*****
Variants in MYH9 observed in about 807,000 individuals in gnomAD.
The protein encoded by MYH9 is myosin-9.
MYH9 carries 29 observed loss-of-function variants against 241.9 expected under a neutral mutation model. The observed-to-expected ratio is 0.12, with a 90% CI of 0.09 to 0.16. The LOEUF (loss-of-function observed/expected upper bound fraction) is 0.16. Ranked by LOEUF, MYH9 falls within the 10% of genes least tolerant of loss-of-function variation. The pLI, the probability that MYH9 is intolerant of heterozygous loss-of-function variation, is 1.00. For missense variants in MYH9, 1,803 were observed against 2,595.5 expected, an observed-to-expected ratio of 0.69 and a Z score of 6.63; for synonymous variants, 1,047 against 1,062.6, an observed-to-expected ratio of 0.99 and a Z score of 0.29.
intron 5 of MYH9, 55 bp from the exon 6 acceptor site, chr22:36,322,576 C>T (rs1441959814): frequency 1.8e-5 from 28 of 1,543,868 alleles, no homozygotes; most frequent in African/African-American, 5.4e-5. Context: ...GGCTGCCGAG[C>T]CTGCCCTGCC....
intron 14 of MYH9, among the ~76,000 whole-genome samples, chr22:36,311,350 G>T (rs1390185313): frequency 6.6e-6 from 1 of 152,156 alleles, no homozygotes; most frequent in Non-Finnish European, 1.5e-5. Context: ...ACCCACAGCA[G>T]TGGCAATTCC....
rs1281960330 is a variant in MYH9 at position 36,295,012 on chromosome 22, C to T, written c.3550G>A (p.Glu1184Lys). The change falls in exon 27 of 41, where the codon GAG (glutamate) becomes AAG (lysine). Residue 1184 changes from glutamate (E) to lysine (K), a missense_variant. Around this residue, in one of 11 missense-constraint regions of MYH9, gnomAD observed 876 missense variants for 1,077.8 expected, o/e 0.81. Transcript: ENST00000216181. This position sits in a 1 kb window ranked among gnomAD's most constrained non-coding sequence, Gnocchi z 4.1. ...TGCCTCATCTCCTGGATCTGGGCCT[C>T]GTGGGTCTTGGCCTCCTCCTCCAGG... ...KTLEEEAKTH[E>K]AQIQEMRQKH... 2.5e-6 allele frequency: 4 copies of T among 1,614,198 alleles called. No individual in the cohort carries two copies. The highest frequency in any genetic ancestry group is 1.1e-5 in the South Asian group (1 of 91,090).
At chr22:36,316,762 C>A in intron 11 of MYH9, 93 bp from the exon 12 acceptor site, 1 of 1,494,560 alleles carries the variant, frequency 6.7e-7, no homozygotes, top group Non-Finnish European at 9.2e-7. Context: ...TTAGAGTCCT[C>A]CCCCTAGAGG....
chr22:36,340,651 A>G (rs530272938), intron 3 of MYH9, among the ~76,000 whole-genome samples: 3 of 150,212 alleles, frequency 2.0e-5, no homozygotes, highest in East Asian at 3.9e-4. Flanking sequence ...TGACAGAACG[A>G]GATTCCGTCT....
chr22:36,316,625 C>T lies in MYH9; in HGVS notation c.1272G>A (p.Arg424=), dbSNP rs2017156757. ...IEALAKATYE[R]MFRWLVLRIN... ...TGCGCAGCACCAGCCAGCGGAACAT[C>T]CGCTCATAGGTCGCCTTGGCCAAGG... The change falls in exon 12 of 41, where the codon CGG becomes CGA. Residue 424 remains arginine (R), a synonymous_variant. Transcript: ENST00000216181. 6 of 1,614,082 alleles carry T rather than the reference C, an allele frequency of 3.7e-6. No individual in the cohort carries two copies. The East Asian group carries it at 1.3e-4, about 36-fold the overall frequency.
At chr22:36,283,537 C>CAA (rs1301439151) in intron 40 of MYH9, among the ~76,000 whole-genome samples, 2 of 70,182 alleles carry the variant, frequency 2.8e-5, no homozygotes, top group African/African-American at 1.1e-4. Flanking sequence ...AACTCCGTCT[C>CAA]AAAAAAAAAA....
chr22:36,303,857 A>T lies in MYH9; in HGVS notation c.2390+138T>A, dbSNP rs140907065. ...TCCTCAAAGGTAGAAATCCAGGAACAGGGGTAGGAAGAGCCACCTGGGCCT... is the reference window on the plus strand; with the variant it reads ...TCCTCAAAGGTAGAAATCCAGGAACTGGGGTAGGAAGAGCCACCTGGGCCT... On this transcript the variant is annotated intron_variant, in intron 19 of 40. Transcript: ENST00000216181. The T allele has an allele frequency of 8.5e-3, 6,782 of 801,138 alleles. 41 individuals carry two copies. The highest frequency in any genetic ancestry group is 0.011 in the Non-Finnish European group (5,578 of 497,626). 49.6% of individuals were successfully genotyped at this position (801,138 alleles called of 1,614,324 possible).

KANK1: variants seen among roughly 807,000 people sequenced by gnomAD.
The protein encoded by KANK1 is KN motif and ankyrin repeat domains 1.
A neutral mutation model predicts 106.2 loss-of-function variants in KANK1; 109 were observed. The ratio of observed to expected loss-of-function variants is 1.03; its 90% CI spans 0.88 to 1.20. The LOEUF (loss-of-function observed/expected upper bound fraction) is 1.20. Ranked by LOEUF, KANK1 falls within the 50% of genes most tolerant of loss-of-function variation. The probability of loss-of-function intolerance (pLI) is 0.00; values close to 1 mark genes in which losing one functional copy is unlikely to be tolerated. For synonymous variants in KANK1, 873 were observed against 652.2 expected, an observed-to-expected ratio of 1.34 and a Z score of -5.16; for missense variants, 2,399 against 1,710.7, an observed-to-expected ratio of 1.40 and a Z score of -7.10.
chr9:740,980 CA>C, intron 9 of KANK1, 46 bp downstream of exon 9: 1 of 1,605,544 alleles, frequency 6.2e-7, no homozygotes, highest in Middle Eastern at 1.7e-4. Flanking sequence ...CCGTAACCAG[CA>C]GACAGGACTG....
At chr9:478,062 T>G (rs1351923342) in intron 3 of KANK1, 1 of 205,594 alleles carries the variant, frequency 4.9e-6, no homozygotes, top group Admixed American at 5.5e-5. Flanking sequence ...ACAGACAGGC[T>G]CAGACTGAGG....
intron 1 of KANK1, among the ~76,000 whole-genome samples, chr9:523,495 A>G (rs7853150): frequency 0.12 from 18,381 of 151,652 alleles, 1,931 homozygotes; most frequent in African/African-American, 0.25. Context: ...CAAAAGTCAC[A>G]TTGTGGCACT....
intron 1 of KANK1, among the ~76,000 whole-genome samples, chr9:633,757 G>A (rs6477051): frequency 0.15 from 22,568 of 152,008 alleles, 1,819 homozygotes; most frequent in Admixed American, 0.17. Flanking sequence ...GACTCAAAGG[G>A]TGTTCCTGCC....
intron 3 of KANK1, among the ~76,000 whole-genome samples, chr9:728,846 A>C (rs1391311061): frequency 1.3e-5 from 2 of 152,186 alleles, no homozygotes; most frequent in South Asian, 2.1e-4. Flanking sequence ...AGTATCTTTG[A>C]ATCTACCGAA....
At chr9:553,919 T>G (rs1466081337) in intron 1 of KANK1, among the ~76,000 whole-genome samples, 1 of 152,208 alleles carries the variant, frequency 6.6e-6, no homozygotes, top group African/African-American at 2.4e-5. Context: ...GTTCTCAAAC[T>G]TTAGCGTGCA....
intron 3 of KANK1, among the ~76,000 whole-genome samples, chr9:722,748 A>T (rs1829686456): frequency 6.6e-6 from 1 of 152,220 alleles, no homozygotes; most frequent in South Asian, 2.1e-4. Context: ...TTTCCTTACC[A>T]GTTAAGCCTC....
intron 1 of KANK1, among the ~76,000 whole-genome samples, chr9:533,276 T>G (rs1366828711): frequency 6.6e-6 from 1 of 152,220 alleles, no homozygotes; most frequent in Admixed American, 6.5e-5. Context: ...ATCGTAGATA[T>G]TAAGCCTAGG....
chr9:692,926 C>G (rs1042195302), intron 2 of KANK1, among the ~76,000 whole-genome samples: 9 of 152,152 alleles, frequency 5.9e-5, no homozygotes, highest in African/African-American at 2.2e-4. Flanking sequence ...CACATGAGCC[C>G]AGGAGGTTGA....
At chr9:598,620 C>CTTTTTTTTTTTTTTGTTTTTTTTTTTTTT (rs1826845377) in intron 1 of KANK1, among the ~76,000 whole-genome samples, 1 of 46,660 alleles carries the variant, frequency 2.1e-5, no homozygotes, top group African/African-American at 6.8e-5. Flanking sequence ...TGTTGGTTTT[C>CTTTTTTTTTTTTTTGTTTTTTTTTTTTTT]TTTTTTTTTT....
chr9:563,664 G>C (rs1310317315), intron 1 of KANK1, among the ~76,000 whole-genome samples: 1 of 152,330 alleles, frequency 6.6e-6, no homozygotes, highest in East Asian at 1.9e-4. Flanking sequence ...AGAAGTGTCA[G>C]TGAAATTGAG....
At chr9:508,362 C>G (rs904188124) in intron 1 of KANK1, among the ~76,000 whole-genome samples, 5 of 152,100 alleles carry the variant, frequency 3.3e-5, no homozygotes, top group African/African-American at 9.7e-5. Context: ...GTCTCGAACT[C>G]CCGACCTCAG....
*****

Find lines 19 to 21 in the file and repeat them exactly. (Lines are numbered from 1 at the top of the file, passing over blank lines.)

intron 3 of KANK1, among the ~76,000 whole-genome samples, chr9:728,846 A>C (rs1391311061): frequency 1.3e-5 from 2 of 152,186 alleles, no homozygotes; most frequent in South Asian, 2.1e-4. Flanking sequence ...AGTATCTTTG[A>C]ATCTACCGAA....
At chr9:553,919 T>G (rs1466081337) in intron 1 of KANK1, among the ~76,000 whole-genome samples, 1 of 152,208 alleles carries the variant, frequency 6.6e-6, no homozygotes, top group African/African-American at 2.4e-5. Context: ...GTTCTCAAAC[T>G]TTAGCGTGCA....
intron 3 of KANK1, among the ~76,000 whole-genome samples, chr9:722,748 A>T (rs1829686456): frequency 6.6e-6 from 1 of 152,220 alleles, no homozygotes; most frequent in South Asian, 2.1e-4. Context: ...TTTCCTTACC[A>T]GTTAAGCCTC....